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Road Traffic Congestion and Public Information: An Experimental Investigation

  • Kene Boun My
  • Laurent Denant-Boèmont
  • Frédéric Koessler
  • Marc Willinger
  • Anthony Ziegelmeyer

    ()

This paper reports two laboratory studies designed to study the impact of public information about past departure rates on congestion levels and travel costs. Our experimental design is based on a discrete version of Arnott, de Palma, and Lindsey’s (1990) bottleneck model where subjects have to choose their departure time in order to reach a common destination. Experimental treatments in our first study differ in terms of the level of public information on past departure rates and the relative cost of delay. In all treatments, congestion occurs and the observed total travel costs match the predicted ones. In other words, subjects' capacity to coordinate is neither affected by the availability of public information on past departure rates nor by the relative cost of delay. This absence of treatment effects is confirmed by our finding that a parameter-free reinforcement learning model best characterizes individual behavior. The number of experimental subjects taking the role of drivers is four times larger in our second study than in our first study. We observe that subjects’ capacity to coordinate is not affected by the size of the population.

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Paper provided by Max Planck Institute of Economics, Strategic Interaction Group in its series Papers on Strategic Interaction with number 2006-20.

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Length: 32 pages
Date of creation: Dec 2006
Date of revision:
Handle: RePEc:esi:discus:2006-20
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  1. Vickrey, William S, 1969. "Congestion Theory and Transport Investment," American Economic Review, American Economic Association, vol. 59(2), pages 251-60, May.
  2. Nick Feltovich, 2000. "Reinforcement-Based vs. Belief-Based Learning Models in Experimental Asymmetric-Information," Econometrica, Econometric Society, vol. 68(3), pages 605-642, May.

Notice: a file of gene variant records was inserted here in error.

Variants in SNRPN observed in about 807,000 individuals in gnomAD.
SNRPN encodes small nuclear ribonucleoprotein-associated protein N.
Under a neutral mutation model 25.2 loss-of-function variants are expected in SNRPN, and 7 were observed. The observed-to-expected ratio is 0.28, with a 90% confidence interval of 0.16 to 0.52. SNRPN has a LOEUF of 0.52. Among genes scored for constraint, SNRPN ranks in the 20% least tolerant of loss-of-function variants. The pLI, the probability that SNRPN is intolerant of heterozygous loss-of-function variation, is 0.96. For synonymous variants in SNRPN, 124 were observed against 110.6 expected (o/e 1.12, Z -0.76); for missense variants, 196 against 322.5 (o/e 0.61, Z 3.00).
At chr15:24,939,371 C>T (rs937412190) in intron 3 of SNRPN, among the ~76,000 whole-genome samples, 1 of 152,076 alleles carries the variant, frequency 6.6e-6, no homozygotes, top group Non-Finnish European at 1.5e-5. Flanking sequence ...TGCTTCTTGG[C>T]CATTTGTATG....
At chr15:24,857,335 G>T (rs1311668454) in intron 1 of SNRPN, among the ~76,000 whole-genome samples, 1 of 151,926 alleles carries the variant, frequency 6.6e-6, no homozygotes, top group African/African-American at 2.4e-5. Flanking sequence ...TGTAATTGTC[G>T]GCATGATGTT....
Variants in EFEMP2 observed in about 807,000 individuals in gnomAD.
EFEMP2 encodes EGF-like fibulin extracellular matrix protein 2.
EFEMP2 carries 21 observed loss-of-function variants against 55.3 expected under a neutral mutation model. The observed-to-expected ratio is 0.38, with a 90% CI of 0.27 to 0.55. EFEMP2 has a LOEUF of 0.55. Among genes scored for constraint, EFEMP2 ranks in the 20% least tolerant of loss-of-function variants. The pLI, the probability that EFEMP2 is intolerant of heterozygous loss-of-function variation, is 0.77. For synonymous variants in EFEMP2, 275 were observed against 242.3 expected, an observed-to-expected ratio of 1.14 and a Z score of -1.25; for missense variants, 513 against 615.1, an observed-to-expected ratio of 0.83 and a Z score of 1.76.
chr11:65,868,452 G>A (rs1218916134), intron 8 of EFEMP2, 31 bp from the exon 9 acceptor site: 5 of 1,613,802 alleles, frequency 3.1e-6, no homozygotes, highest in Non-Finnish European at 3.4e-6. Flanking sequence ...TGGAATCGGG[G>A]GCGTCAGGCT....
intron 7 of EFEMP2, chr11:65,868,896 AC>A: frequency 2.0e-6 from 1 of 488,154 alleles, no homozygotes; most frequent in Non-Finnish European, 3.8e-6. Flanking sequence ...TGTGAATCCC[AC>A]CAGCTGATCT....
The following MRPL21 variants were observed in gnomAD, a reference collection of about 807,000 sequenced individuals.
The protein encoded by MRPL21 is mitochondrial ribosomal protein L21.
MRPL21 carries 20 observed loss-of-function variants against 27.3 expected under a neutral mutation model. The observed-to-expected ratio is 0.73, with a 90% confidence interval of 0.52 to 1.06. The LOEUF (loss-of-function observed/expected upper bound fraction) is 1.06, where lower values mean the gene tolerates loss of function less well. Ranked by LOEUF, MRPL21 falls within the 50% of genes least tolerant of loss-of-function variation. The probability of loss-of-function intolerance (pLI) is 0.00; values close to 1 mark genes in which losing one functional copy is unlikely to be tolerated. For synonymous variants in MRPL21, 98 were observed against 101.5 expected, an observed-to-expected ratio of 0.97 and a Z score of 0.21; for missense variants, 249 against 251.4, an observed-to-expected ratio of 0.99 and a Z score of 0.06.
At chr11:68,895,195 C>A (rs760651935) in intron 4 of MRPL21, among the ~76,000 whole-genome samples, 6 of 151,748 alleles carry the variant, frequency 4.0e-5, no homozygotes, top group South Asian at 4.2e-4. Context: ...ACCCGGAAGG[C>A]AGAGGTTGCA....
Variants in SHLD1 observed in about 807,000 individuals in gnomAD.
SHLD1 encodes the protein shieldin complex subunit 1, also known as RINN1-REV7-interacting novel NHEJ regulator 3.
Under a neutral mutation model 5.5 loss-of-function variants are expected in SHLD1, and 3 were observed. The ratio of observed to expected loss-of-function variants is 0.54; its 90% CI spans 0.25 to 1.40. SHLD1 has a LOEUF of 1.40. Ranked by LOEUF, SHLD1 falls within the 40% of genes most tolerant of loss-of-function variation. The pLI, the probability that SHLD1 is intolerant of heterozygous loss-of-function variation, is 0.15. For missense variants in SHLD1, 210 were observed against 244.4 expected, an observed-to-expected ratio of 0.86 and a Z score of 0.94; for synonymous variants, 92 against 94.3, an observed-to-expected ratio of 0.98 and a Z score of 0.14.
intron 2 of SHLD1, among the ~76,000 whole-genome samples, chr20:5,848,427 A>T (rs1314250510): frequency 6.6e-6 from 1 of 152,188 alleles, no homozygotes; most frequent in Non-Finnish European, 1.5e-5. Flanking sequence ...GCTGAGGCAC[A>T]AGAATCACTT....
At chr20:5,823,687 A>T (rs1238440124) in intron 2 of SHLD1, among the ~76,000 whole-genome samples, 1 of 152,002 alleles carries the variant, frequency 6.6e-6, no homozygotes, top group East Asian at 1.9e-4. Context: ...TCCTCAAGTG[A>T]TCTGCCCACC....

3. Fudenberg, Drew & Levine, David, 1998. "Learning in games," European Economic Review, Elsevier, vol. 42(3-5), pages 631-639, May.
  4. Arentze, T.A. & Timmermans, H.J.P., 2005. "Information gain, novelty seeking and travel: a model of dynamic activity-travel behavior under conditions of uncertainty," Transportation Research Part A: Policy and Practice, Elsevier, vol. 39(2-3), pages 125-145.
  5. Denant-Boèmont, L. & Petiot, R., 2003. "Information value and sequential decision-making in a transport setting: an experimental study," Transportation Research Part B: Methodological, Elsevier, vol. 37(4), pages 365-386, May.
  6. Moshe Ben-Akiva & Andre de Palma & Pavlos Kanaroglou, 1984. "Dynamic Model of Peak Period Traffic Congestion with Elastic Arrival Rates," Working Papers 588, Queen's University, Department of Economics.
  7. Arnott, Richard & de Palma, Andre & Lindsey, Robin, 1990. "Economics of a bottleneck," Journal of Urban Economics, Elsevier, vol. 27(1), pages 111-130, January.
  8. David Levinson, 2003. "The Value of Advanced Traveler Information Systems for Route Choice," Working Papers 200307, University of Minnesota: Nexus Research Group.
  9. Selten, R. & Chmura, T. & Pitz, T. & Kube, S. & Schreckenberg, M., 2007. "Commuters route choice behaviour," Games and Economic Behavior, Elsevier, vol. 58(2), pages 394-406, February.
  10. Erev, Ido & Roth, Alvin E, 1998. "Predicting How People Play Games: Reinforcement Learning in Experimental Games with Unique, Mixed Strategy Equilibria," American Economic Review, American Economic Association, vol. 88(4), pages 848-81, September.
  11. Roth, Alvin E. & Erev, Ido, 1995. "Learning in extensive-form games: Experimental data and simple dynamic models in the intermediate term," Games and Economic Behavior, Elsevier, vol. 8(1), pages 164-212.
  12. Small, Kenneth A, 1982. "The Scheduling of Consumer Activities: Work Trips," American Economic Review, American Economic Association, vol. 72(3), pages 467-79, June.
  13. Mahmassani, Hani S. & Jou, Rong-Chang, 2000. "Transferring insights into commuter behavior dynamics from laboratory experiments to field surveys," Transportation Research Part A: Policy and Practice, Elsevier, vol. 34(4), pages 243-260, May.
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